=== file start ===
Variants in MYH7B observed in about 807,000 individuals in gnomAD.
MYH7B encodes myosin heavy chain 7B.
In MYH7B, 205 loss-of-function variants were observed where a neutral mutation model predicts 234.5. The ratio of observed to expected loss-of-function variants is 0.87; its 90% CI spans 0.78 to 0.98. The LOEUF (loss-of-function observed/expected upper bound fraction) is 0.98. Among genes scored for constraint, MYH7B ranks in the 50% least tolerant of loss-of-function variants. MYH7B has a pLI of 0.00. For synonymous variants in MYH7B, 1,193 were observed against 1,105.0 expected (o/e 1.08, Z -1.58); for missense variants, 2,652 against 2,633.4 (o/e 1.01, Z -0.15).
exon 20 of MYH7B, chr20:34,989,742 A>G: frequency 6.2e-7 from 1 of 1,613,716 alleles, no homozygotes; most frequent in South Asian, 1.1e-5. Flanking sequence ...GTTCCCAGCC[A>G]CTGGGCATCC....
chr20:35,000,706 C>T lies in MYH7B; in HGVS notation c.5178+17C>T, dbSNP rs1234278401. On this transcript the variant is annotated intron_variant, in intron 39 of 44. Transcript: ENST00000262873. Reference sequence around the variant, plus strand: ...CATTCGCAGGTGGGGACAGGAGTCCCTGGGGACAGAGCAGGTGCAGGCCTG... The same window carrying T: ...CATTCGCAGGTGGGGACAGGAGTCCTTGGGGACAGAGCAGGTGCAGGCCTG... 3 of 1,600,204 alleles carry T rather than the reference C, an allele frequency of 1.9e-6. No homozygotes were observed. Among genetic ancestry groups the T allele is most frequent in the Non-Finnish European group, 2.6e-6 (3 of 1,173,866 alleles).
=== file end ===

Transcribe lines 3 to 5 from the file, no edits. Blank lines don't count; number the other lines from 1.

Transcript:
In MYH7B, 205 loss-of-function variants were observed where a neutral mutation model predicts 234.5. The ratio of observed to expected loss-of-function variants is 0.87; its 90% CI spans 0.78 to 0.98. The LOEUF (loss-of-function observed/expected upper bound fraction) is 0.98. Among genes scored for constraint, MYH7B ranks in the 50% least tolerant of loss-of-function variants. MYH7B has a pLI of 0.00. For synonymous variants in MYH7B, 1,193 were observed against 1,105.0 expected (o/e 1.08, Z -1.58); for missense variants, 2,652 against 2,633.4 (o/e 1.01, Z -0.15).
exon 20 of MYH7B, chr20:34,989,742 A>G: frequency 6.2e-7 from 1 of 1,613,716 alleles, no homozygotes; most frequent in South Asian, 1.1e-5. Flanking sequence ...GTTCCCAGCC[A>G]CTGGGCATCC....
chr20:35,000,706 C>T lies in MYH7B; in HGVS notation c.5178+17C>T, dbSNP rs1234278401. On this transcript the variant is annotated intron_variant, in intron 39 of 44. Transcript: ENST00000262873. Reference sequence around the variant, plus strand: ...CATTCGCAGGTGGGGACAGGAGTCCCTGGGGACAGAGCAGGTGCAGGCCTG... The same window carrying T: ...CATTCGCAGGTGGGGACAGGAGTCCTTGGGGACAGAGCAGGTGCAGGCCTG... 3 of 1,600,204 alleles carry T rather than the reference C, an allele frequency of 1.9e-6. No homozygotes were observed. Among genetic ancestry groups the T allele is most frequent in the Non-Finnish European group, 2.6e-6 (3 of 1,173,866 alleles).